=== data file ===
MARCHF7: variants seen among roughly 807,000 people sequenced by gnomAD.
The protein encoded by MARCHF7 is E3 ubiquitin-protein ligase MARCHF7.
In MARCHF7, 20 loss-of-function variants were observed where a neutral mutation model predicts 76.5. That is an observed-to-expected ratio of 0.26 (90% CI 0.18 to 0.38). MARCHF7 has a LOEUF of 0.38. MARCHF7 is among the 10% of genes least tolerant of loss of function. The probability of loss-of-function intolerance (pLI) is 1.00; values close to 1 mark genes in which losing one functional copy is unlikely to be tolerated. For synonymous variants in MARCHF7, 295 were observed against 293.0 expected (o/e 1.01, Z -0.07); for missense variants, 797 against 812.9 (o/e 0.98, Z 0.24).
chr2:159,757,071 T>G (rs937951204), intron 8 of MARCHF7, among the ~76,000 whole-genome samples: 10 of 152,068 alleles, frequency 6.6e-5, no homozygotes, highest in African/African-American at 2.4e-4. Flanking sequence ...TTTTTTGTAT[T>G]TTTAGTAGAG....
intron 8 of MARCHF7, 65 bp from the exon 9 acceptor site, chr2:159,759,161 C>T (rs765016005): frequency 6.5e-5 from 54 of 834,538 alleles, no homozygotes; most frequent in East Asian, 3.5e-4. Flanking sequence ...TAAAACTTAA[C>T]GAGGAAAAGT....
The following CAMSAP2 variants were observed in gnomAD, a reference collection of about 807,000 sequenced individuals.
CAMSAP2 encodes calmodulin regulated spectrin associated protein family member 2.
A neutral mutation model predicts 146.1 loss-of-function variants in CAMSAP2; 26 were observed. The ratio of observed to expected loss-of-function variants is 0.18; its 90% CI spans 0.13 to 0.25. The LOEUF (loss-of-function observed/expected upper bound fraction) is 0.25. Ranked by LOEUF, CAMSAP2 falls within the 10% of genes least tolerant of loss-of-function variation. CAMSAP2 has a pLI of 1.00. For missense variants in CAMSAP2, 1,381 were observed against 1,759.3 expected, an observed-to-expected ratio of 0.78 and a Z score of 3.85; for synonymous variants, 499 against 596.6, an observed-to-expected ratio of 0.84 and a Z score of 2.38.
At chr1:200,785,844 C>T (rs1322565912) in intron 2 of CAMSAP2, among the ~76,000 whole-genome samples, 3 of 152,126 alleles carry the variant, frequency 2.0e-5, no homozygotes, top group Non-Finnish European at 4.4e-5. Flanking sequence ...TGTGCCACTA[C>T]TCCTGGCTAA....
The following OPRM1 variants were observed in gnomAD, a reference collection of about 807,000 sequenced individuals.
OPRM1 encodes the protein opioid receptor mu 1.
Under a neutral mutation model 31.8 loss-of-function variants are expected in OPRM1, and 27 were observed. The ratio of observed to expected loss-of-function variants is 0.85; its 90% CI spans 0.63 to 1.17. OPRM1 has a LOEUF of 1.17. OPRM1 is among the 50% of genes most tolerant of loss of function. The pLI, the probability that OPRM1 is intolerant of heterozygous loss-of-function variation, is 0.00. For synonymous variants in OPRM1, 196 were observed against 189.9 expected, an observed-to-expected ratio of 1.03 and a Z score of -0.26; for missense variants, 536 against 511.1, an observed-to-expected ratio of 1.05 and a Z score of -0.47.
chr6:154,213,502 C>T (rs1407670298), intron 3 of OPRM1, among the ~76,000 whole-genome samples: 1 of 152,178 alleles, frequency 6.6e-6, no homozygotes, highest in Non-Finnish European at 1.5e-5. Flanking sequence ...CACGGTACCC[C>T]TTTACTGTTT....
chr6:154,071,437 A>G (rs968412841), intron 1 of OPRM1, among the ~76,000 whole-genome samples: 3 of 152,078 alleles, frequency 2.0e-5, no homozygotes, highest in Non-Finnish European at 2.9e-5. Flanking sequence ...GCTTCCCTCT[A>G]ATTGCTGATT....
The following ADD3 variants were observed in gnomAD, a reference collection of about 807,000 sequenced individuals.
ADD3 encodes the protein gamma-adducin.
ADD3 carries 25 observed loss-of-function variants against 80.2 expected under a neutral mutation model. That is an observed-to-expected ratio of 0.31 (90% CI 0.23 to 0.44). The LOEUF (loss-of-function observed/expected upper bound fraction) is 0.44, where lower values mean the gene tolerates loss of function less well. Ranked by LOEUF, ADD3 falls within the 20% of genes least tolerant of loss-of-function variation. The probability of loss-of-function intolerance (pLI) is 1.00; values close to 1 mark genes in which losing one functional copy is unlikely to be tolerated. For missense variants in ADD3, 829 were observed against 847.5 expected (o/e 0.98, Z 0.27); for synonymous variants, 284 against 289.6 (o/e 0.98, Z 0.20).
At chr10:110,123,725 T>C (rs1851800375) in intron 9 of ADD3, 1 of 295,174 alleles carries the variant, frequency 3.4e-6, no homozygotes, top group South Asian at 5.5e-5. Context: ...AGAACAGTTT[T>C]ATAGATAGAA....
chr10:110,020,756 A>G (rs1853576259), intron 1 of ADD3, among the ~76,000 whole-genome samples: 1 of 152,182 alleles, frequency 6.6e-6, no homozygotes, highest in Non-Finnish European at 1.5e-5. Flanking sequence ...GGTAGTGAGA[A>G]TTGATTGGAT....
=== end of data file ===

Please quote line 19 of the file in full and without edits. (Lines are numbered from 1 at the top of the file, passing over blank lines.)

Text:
chr10:110,020,756 A>G (rs1853576259), intron 1 of ADD3, among the ~76,000 whole-genome samples: 1 of 152,182 alleles, frequency 6.6e-6, no homozygotes, highest in Non-Finnish European at 1.5e-5. Flanking sequence ...GGTAGTGAGA[A>G]TTGATTGGAT....